8. Our intention is to be clear about what we are teaching, so our pupils are clear about what they are learning.

  9. Subject leaders will evaluate the progress made by pupils in their subject over time. They expect to see significant progress in the following: accumulation of knowledge and skills, the use of vocabulary specific to that subject, understanding of keys events, people and places to that subject, understanding of concepts, and procedures and skills. 

  10. At the beginning of each topic the teacher will share with pupils the skills that are being taught and assessed and how they are linked to each other in that topic. 

  11. By focusing on the connections between different subject areas we hope to help children develop schemata (webs of learning) that help children to remember the knowledge and skills that they have been taught for a lifetime.

  12. Our curriculum aims to support generative learning (learning that sticks) by beginning with what a pupil knows and then building on this.

  13. We aim to do this because we know that when we begin with what a child knows we are beginning with the knowledge and skills that are in the child’s long-term memory.  By doing this the child is able to think more clearly and precisely about new skills and knowledge that they are learning.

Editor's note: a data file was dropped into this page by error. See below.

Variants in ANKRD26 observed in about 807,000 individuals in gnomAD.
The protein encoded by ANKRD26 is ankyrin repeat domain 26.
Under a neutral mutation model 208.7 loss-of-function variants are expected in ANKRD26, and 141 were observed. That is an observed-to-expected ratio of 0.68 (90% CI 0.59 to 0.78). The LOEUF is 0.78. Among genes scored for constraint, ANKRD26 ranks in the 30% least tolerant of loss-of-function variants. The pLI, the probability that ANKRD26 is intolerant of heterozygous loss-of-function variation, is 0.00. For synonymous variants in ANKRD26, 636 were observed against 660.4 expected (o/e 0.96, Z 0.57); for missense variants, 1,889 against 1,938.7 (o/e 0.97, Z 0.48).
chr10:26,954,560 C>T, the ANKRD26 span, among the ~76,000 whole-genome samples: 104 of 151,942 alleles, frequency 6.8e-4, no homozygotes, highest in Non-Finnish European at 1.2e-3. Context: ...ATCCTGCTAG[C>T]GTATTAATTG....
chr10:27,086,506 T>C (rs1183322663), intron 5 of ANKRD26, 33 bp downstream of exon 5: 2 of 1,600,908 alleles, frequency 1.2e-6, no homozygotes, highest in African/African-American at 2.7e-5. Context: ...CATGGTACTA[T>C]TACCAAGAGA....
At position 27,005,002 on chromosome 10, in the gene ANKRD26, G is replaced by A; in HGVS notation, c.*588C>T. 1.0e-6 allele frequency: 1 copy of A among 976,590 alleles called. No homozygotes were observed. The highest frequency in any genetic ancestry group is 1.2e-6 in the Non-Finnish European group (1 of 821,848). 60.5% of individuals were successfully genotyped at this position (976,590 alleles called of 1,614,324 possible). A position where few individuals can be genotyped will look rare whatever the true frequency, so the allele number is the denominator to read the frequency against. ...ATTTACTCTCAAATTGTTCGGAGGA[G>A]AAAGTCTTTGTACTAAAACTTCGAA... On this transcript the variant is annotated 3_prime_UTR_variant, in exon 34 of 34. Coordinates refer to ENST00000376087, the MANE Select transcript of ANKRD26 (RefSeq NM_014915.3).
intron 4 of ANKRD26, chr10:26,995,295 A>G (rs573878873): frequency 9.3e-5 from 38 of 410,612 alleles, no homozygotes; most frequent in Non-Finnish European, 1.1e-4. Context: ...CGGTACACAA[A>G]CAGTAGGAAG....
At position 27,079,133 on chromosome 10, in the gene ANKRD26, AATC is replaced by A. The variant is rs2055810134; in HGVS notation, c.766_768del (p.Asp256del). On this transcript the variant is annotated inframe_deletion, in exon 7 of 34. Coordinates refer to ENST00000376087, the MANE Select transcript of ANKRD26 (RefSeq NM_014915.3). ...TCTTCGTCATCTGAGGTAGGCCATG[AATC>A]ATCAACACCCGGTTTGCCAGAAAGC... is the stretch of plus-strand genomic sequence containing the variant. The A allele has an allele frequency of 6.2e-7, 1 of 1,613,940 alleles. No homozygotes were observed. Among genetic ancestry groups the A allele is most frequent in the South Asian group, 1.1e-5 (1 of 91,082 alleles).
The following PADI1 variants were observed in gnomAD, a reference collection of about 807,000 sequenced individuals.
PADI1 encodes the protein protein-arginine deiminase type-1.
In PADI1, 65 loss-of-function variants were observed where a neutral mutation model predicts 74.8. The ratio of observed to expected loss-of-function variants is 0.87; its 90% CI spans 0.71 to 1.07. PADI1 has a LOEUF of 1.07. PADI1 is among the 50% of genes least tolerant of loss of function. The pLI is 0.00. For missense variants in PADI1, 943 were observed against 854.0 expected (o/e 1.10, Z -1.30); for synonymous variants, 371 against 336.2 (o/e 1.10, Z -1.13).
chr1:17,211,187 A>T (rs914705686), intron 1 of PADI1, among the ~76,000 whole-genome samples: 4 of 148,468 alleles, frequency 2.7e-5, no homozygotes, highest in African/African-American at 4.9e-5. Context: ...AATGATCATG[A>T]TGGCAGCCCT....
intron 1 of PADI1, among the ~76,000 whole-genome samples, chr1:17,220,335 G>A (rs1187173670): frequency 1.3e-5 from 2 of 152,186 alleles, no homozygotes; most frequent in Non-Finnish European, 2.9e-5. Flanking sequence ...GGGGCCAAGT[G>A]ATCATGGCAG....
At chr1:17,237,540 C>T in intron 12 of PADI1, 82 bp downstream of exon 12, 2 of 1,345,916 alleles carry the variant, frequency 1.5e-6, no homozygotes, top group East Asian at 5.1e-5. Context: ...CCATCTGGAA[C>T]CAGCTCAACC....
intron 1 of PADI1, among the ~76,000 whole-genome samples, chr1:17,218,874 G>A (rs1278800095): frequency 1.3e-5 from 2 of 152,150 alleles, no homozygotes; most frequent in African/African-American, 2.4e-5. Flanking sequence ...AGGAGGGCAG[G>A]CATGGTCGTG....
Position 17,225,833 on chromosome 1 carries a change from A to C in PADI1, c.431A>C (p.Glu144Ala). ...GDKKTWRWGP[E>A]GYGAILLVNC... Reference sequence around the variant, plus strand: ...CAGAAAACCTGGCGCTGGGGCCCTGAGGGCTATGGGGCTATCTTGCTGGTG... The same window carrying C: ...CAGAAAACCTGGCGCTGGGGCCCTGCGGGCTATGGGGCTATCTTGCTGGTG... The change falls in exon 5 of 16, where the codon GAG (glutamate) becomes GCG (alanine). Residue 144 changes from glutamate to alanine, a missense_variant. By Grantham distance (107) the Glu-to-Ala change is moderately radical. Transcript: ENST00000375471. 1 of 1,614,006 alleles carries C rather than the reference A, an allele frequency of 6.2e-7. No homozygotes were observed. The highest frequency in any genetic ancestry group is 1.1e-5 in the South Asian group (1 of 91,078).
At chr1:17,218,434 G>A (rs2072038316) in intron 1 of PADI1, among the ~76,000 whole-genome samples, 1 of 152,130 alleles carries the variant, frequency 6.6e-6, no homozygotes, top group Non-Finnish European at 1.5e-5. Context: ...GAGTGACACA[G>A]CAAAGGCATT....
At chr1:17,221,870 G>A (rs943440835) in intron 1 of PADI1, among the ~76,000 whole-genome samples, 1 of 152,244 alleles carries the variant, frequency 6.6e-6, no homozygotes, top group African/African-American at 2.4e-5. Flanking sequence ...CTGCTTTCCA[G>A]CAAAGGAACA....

14. In our schools’ curriculum we do not consider skills and knowledge to be separate. We consider these to be two aspects of learning that are intertwined and dependent on each other.


We know what doesn’t work when designing a curriculum.


In designing our curriculum we are ever mindful of what we consider a weak curriculum to look and feel like for a child.


We consider a weak curriculum to be the following:


  1. One that that treats knowledge as isolated chunks with little or no connection to other subjects or prior learning;

  2. One that does not recognise the importance of long-term memory and how knowledge and skills are acquired by pupils progressively over time;

  3. One that does not have a clear structure and system to secure progress in knowledge and skills for pupils; 

  4. Finally, we consider a weak curriculum to be one that separates knowledge and skills and does not recognise their dependency on each other.


We know what does work when designing a curriculum.


By contrast we aspire to develop and constantly improve our curriculum into a high-quality curriculum which achieves the following:


  1. One that is based on proactive thinking, carefully considering how different groups of children learn and remember knowledge and skills;

  2. One that has a careful planned sequencing of content so that our pupils learn skills and knowledge systematically and progressively during their time at primary school; 

  3. One that gives each pupil the knowledge they need to make progress, so that they when they learn something new they feel that they have a deeper understanding of the subject rather than feeling confused; 

  4. One that helps every child fulfil their true potential.